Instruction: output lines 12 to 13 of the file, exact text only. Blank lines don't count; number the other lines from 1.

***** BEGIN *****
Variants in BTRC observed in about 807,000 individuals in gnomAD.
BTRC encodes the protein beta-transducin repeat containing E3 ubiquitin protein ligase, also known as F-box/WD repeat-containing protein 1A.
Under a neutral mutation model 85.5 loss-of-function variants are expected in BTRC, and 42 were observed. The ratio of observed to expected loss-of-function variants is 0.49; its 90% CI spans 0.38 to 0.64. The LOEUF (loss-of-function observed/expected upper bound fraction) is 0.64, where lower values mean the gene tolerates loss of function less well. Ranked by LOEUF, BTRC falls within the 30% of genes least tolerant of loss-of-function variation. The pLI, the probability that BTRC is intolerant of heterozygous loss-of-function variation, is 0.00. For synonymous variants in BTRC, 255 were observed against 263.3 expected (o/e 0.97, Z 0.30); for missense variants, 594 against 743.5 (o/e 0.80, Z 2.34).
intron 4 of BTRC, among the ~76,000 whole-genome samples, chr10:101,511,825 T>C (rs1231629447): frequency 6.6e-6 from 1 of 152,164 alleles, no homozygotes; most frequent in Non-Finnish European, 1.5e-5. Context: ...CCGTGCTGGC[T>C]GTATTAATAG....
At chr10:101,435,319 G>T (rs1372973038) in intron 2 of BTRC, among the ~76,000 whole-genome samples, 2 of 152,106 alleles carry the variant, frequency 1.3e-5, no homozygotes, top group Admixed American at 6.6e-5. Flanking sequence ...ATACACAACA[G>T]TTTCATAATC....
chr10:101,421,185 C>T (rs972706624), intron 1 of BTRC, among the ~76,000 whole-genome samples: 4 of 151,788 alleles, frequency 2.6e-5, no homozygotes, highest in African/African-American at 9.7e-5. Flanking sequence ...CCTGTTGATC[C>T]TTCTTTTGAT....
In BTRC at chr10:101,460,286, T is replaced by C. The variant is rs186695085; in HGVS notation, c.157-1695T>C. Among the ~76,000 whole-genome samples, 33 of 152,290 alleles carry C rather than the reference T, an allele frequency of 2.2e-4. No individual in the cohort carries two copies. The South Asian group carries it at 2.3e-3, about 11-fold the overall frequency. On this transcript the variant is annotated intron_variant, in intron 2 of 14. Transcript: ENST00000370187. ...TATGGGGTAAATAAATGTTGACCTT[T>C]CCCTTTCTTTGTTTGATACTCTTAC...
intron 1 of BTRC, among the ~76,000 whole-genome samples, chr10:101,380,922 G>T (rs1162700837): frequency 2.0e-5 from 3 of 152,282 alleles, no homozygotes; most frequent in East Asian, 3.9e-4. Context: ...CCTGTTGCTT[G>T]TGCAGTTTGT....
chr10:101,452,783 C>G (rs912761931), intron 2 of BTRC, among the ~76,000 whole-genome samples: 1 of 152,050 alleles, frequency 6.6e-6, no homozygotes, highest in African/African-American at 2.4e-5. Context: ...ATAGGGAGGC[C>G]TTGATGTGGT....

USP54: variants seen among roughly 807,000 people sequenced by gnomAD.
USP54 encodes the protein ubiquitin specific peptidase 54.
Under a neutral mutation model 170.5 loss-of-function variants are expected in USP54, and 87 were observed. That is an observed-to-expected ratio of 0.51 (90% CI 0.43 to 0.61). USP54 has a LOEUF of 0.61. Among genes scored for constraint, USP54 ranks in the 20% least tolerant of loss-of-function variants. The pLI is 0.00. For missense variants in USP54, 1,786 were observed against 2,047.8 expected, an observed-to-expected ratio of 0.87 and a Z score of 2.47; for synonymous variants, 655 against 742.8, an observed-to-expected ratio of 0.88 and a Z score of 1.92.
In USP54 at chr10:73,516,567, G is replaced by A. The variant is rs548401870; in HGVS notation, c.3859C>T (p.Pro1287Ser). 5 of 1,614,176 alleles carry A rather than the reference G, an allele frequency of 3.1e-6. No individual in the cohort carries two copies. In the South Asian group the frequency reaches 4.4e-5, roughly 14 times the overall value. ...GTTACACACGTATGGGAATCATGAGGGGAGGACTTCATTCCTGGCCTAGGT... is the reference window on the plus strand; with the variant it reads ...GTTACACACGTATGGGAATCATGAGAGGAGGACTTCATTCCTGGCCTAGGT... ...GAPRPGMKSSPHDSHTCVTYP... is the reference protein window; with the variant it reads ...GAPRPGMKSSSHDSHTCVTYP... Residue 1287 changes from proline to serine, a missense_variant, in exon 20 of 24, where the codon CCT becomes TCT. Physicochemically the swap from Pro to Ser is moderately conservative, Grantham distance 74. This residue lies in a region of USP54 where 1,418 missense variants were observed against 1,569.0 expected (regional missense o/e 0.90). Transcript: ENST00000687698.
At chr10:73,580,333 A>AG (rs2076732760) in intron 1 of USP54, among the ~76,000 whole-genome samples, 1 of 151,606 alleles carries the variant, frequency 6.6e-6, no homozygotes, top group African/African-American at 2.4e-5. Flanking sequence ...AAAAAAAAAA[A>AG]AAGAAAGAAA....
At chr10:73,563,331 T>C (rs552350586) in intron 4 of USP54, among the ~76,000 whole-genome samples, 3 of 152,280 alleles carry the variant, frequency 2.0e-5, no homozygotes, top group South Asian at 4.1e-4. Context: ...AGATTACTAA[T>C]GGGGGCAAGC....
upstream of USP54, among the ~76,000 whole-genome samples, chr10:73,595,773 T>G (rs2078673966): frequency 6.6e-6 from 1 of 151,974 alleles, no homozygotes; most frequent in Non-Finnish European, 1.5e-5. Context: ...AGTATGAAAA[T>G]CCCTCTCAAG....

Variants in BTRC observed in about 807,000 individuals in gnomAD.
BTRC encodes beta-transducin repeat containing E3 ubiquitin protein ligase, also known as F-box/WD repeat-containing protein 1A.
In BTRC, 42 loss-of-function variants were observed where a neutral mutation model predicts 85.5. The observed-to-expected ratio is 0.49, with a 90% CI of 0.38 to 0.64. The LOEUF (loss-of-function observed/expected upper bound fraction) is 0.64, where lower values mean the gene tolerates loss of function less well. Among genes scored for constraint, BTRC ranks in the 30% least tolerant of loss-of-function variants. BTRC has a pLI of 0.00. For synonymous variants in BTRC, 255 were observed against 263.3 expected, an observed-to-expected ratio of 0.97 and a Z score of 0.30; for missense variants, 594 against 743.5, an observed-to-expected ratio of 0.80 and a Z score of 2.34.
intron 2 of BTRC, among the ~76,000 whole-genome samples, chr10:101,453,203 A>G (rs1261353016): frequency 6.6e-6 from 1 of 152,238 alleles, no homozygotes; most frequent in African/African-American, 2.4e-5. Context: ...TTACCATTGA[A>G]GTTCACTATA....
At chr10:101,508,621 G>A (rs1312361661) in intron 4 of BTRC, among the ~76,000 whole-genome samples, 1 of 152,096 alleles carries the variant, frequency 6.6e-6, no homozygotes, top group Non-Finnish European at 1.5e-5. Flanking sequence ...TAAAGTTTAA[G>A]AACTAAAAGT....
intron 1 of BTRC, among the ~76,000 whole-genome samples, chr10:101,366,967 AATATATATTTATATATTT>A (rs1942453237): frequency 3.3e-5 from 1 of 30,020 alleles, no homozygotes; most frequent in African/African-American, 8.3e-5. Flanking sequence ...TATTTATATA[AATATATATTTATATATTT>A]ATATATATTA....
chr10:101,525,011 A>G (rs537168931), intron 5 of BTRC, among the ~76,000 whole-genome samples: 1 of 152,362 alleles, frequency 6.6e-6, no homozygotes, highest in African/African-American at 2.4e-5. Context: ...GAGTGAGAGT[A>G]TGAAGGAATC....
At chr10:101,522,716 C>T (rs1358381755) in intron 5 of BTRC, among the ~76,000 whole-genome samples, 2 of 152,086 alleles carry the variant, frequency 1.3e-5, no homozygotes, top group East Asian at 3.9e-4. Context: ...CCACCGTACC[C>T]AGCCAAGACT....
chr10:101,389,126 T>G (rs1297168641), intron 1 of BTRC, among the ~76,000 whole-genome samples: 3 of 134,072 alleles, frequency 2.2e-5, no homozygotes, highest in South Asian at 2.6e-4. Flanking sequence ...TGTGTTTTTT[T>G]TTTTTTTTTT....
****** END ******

Under a neutral mutation model 170.5 loss-of-function variants are expected in USP54, and 87 were observed. That is an observed-to-expected ratio of 0.51 (90% CI 0.43 to 0.61). USP54 has a LOEUF of 0.61. Among genes scored for constraint, USP54 ranks in the 20% least tolerant of loss-of-function variants. The pLI is 0.00. For missense variants in USP54, 1,786 were observed against 2,047.8 expected, an observed-to-expected ratio of 0.87 and a Z score of 2.47; for synonymous variants, 655 against 742.8, an observed-to-expected ratio of 0.88 and a Z score of 1.92.
In USP54 at chr10:73,516,567, G is replaced by A. The variant is rs548401870; in HGVS notation, c.3859C>T (p.Pro1287Ser). 5 of 1,614,176 alleles carry A rather than the reference G, an allele frequency of 3.1e-6. No individual in the cohort carries two copies. In the South Asian group the frequency reaches 4.4e-5, roughly 14 times the overall value. ...GTTACACACGTATGGGAATCATGAGGGGAGGACTTCATTCCTGGCCTAGGT... is the reference window on the plus strand; with the variant it reads ...GTTACACACGTATGGGAATCATGAGAGGAGGACTTCATTCCTGGCCTAGGT... ...GAPRPGMKSSPHDSHTCVTYP... is the reference protein window; with the variant it reads ...GAPRPGMKSSSHDSHTCVTYP... Residue 1287 changes from proline to serine, a missense_variant, in exon 20 of 24, where the codon CCT becomes TCT. Physicochemically the swap from Pro to Ser is moderately conservative, Grantham distance 74. This residue lies in a region of USP54 where 1,418 missense variants were observed against 1,569.0 expected (regional missense o/e 0.90). Transcript: ENST00000687698.